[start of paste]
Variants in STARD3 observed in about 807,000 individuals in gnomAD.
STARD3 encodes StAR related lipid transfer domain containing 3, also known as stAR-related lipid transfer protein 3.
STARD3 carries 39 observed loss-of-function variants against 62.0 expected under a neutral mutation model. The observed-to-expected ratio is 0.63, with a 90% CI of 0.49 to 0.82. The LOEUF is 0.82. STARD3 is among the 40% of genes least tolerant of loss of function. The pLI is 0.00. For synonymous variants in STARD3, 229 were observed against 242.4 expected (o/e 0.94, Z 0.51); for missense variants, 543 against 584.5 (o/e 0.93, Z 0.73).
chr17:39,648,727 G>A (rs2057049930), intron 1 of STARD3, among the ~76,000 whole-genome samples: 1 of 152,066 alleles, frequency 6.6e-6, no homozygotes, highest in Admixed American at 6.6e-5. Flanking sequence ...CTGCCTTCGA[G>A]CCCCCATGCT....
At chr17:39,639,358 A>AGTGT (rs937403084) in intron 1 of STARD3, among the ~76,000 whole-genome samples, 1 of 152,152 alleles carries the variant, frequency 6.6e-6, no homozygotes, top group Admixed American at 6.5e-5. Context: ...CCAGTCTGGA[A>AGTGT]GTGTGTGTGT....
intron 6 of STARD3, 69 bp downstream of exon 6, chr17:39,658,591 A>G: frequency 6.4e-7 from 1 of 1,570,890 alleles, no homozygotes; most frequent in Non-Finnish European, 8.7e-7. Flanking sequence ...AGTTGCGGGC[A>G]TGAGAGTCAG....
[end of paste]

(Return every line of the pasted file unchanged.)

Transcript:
Variants in STARD3 observed in about 807,000 individuals in gnomAD.
STARD3 encodes StAR related lipid transfer domain containing 3, also known as stAR-related lipid transfer protein 3.
STARD3 carries 39 observed loss-of-function variants against 62.0 expected under a neutral mutation model. The observed-to-expected ratio is 0.63, with a 90% CI of 0.49 to 0.82. The LOEUF is 0.82. STARD3 is among the 40% of genes least tolerant of loss of function. The pLI is 0.00. For synonymous variants in STARD3, 229 were observed against 242.4 expected (o/e 0.94, Z 0.51); for missense variants, 543 against 584.5 (o/e 0.93, Z 0.73).
chr17:39,648,727 G>A (rs2057049930), intron 1 of STARD3, among the ~76,000 whole-genome samples: 1 of 152,066 alleles, frequency 6.6e-6, no homozygotes, highest in Admixed American at 6.6e-5. Flanking sequence ...CTGCCTTCGA[G>A]CCCCCATGCT....
At chr17:39,639,358 A>AGTGT (rs937403084) in intron 1 of STARD3, among the ~76,000 whole-genome samples, 1 of 152,152 alleles carries the variant, frequency 6.6e-6, no homozygotes, top group Admixed American at 6.5e-5. Context: ...CCAGTCTGGA[A>AGTGT]GTGTGTGTGT....
intron 6 of STARD3, 69 bp downstream of exon 6, chr17:39,658,591 A>G: frequency 6.4e-7 from 1 of 1,570,890 alleles, no homozygotes; most frequent in Non-Finnish European, 8.7e-7. Flanking sequence ...AGTTGCGGGC[A>G]TGAGAGTCAG....